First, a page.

The East End’s state representatives appealed to new Governor Kathy Hocul and state health officials this week saying that they fear a staffing crisis if the state’s mandate that all hospital and nursing home staff be vaccinated against COVID-19 is implemented this month as planned.
In a letter to Governor Hochul and state Health Commissioner Howard Zucker, State Assemblyman Fred W. Thiele Jr. and State Senator Anthony Palumbo said that they believe that East End hospitals could lose as much as 20 to 30 percent of their staff, who would quit before agreeing to take the COVID-19 vaccine if the vaccination mandate is carried through.
“Many of the facilities in our districts have reached out fearing an impending crisis of care that a widespread staffing shortage would create due to the vaccine mandate,” Mr. Thiele and Mr. Palumbo wrote in the joint letter. “We are greatly concerned that these avoidable staffing losses will make meeting the laudable goals of recently enacted safe staffing legislation unreachable, while at the same time creating a severe healthcare worker shortage that puts patients at risk as COVID-19 cases are on the rise.”
The lawmakers also noted that the state has not offered specific guidance on how hospitals are to deal with employees who refuse to get vaccinated and asked if the state has a contingency plan should there be a widespread loss of hospital staff.
The vaccination mandate for hospital staff was imposed via an executive order by former Governor Andrew Cuomo on August 16 and expanded to include all healthcare workers 10 days later — just before he resigned from office.
“Our healthcare heroes led the battle against the virus, and now we need them to lead the battle between the variant and the vaccine,” the former governor said at the time. “We have always followed the science, and we’re doing so again today, with these recommendations … but we need to do more.”
The current state mandate requires that all staff at hospitals, nursing homes and other medical facilities be vaccinated by September 27 — with exceptions only for health or religious reasons.
Since taking office, Governor Hochul’s administration has introduced new mandates for teachers, requiring them to be vaccinated or submit to regular testing, and lifted the religious exemption from the original health care workers mandate.
Last month, multiple staff members at Stony Brook Southampton Hospital said that they think about 25 percent of the hospital’s staff have still not been vaccinated and that many would consider leaving their positions at the hospital if they were forced to chose between getting the shot or quitting.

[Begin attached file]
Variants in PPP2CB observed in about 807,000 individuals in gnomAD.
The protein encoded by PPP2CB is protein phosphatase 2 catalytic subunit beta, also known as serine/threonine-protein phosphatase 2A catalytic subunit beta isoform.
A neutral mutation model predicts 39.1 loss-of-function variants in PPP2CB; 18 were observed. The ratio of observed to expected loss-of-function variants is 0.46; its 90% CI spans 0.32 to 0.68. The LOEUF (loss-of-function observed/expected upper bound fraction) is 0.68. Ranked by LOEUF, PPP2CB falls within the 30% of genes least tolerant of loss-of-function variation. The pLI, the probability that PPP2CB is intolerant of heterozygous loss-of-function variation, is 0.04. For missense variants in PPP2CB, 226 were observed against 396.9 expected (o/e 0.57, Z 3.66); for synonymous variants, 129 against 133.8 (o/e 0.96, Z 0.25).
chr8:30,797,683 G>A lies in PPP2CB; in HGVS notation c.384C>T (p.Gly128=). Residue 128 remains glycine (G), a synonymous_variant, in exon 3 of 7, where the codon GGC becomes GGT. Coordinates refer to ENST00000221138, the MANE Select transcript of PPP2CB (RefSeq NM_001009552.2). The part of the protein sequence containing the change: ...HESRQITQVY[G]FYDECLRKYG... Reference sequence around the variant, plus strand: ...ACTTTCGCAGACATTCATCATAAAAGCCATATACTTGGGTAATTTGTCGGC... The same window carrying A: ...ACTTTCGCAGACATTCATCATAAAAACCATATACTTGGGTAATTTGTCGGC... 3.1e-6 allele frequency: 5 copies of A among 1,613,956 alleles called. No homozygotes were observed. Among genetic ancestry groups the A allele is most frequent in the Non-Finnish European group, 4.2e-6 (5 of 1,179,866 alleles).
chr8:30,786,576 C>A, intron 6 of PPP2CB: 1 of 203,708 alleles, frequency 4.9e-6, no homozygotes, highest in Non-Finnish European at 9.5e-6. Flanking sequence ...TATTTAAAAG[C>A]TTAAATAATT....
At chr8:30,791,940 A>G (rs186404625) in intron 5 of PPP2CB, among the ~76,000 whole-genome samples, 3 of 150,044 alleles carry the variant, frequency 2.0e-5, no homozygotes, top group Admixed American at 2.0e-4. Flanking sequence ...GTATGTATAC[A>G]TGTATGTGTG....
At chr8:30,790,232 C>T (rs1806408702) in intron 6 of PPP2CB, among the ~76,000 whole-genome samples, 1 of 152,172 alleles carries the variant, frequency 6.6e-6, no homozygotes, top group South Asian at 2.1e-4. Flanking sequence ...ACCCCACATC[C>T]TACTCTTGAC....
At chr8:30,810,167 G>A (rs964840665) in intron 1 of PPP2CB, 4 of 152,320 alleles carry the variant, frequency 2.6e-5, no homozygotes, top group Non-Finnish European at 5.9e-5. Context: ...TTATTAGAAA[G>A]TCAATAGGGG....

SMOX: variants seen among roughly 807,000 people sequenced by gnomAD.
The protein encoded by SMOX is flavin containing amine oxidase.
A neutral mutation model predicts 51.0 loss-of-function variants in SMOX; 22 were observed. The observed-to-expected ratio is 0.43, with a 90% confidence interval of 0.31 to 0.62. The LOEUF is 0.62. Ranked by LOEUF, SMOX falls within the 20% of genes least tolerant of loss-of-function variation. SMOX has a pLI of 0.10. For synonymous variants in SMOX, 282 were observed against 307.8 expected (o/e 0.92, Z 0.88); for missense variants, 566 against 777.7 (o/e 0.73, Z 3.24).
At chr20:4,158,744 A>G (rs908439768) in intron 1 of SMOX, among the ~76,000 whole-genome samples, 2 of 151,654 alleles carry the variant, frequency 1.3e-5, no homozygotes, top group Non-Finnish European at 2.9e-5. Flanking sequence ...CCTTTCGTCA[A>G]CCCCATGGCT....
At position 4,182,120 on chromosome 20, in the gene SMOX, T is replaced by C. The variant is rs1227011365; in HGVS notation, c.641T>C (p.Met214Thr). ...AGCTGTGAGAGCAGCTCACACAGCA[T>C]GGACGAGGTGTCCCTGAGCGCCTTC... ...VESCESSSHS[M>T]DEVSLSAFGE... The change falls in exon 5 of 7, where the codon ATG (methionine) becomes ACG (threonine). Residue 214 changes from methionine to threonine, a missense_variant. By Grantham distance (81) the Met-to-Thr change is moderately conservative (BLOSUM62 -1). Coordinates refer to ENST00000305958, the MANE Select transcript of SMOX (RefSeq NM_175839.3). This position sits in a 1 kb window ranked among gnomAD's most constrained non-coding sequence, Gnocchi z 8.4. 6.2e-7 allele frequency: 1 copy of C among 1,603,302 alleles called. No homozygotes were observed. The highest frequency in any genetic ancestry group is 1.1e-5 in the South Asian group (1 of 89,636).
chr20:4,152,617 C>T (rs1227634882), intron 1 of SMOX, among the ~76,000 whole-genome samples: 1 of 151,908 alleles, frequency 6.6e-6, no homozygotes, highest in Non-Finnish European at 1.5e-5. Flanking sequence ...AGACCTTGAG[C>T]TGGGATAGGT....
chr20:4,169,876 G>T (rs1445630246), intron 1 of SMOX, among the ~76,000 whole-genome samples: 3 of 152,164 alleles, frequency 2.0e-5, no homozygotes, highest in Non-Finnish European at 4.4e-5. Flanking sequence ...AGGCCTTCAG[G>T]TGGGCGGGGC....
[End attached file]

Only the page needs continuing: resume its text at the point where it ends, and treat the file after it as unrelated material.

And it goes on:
They said that the hospital is also already operating at low staffing levels because of the rising costs of living on the South Fork and the oppressive traffic employees face commuting from points west.
The 1199 United Healthcare Workers Union, which represents most of the staff at Stony Brook Southampton Hospital and many others, has officially opposed vaccination mandates for its members and has mounted protests outside hospitals that have implemented them — though the union says it recommends its members get vaccinated.
Last week, some hospital staff and a large throng of other people espousing anti-mask and anti-vaccine beliefs staged a raucous protest outside Peconic Bay Medical Center.
Neither local hospital has issued any specific instruction to their staff members as yet and Stony Brook Medicine has only said that it’s hospitals will “follow all state and [Department of Health] guidelines regarding immunization.”
Some private hospitals have already implemented an optional requirement for their staff, requiring vaccination or that any un-vaccinated staff member be tested weekly for COVID-19.
Stopping short of explicitly asking that the mandate be rolled back, Mr. Thiele and Mr. Palumbo ask the state to at least provide more guidance for hospitals and detail how it will address any staffing shortages that might arise.
“While it is our mutual goal to protect both patients and those working in our healthcare facilities,” they wrote, “it is critically important that we ensure that our hospitals and nursing homes have the appropriate staff to handle the increased patient demand caused by the pandemic.”